A Challenge to the Chief Justice’s Sole Appointment Power of Judges to the FISA Court

July 26th, 2013

This is totally off the wall, but hear me out. The appointment clause provides that Congress may vest the appointment power in the “Courts of Law.”

[The President] shall nominate, and, by and with the Advice and Consent of the Senate, shall appoint Ambassadors, other public Ministers and Consuls, Judges of the supreme Court, and all other Officers of the United States, whose Appointments are not herein otherwise provided for, and which shall be established by Law: but the Congress may by Law vest the Appointment of such inferior Officers, as they think proper, in the President alone, in the Courts of Law, or in the Heads of Departments.

As it stands now, the Chief Justice alone exercises this power. Among his duties, he unilaterally appoints judges to the Foreign Intelligence Surveillance Court. But what if these appointments were invalid?

James Pfander has argued that these decisions are not for the Chief alone to make, but instead are for the entire Court–all 9 Justices–to decide. Let’s say this argument is correct, as a matter of original meaning. I have no idea if it is, but hey, courts have been willing to revisit longstanding precedents based on original meaning regarding the appointment clause (Canning). So why not?

If that’s the case, can anything be done to challenge the Chief Justice’s unilateral appointment of judges to the FISA court? Would anyone have standing, to assert that these FISA judges are being appointed inconsistently with the appointment clause? Since these aren’t technically Article III judge appointments (the positions are for a set term), they could be viewed as some kind of magistrate judge (which are routinely appointed by other judges). Though, in light of their work, this is not a good analogy. And that still would not get around the pesky issue that the Chief appoints them solo.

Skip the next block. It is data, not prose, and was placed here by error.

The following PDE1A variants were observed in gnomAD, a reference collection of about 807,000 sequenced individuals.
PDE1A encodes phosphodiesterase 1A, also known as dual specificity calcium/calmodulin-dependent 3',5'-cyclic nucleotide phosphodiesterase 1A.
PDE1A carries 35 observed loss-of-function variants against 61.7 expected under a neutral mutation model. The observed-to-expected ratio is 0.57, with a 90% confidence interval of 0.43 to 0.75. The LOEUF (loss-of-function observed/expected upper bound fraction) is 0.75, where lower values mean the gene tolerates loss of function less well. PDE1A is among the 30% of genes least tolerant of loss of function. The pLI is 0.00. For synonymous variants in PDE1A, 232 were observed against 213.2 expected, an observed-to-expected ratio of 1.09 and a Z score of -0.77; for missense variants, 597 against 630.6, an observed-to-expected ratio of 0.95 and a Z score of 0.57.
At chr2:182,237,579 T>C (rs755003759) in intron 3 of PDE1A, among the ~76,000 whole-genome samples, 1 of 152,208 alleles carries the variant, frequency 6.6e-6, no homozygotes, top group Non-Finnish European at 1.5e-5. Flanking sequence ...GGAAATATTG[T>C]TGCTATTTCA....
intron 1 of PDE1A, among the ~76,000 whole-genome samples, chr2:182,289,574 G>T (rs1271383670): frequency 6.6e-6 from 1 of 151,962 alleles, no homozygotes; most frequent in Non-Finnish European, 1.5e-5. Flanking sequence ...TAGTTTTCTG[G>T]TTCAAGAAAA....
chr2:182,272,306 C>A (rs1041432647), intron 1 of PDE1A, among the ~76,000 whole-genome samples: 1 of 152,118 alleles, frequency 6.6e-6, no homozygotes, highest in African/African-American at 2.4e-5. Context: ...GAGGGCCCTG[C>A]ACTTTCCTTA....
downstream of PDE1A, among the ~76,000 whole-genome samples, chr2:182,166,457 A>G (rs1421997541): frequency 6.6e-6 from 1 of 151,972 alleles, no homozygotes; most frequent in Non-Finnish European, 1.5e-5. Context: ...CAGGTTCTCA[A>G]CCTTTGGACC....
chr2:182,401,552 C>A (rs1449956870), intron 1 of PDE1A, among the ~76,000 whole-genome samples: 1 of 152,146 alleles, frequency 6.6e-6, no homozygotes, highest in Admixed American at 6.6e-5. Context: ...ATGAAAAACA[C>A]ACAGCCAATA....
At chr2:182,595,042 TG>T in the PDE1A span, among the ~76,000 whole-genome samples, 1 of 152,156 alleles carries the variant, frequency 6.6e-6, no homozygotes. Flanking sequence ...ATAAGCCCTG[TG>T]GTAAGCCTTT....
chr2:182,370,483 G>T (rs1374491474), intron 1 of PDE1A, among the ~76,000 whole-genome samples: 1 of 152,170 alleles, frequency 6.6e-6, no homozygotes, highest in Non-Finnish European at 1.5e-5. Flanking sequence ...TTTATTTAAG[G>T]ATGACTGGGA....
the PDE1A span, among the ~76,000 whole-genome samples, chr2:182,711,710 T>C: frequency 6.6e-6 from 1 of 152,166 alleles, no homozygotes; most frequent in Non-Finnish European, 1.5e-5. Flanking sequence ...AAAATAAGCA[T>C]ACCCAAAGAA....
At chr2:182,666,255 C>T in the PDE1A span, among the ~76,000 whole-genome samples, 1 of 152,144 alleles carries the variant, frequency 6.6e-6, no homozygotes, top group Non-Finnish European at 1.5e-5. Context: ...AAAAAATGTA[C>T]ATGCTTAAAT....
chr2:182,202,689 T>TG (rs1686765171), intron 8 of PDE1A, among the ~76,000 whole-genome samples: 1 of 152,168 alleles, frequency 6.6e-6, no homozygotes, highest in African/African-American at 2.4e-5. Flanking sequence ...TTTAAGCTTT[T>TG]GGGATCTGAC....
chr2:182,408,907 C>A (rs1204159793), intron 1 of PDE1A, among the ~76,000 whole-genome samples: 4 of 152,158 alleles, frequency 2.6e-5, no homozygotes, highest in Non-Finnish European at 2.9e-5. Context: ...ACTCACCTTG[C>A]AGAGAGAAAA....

Charlie Savage reports on how Roberts has almost exclusively picked conservative judges with history in the executive branch, and notes that there proposals to modify the appointment process:

Mr. Blumenthal, for example, has proposed that each of the chief judges of the 12 major appeals courts select a district judge for the surveillance court; the chief justice would still pick the review panel that hears rare appeals of the court’s decisions, but six other Supreme Court justices would have to sign off. Another bill, introduced by Representative Adam B. Schiff of California, would give the president the power to nominate judges for the court, subject to Senate approval.

Would any of these fit in with the appointment clause? Can Congress delegate the power to appoint judges to Chief Judges of the Circuits? Those courts were not created yet at the time of the Constitution, so there is a colorable argument that they do not fit in with the “courts” language. I’m not sure how requiring 6 justices to agree would sidestep any of these problems, unless you call that a majority of the “Courts” of law, which would work. Asking the President to appoint the FISA judges would be just fine. Boy would those confirmation hearings be fun.

Interesting thought experiment over. Back to your regularly schedule blogging.

Update: James Pfander makes his point here.

There may be a simple solution to the perceived problem of bias in the appointment of judges to the Foreign Intelligence Surveillance Courts (or FISA courts): shift the appointment power away from the Chief Justice and give it back to the Supreme Court.

Such a move would address the concern that the Chief Justice, John G. Roberts, has appointed mostly Republican judges to that court, as reported in the New York Times on Friday. The shift may well be required by the Constitution, which provides for Congress to vest the power to appoint inferior officers in the “courts of law” but does not authorize the assignment of any appointment power to the Chief. Or so I argue, anyway, in a recentpaper, “The Chief Justice, the Appointment of Inferior Officers, and the ‘Court of Law’ Requirement,” 107 Nw. U. L. Rev. 1125 (2013).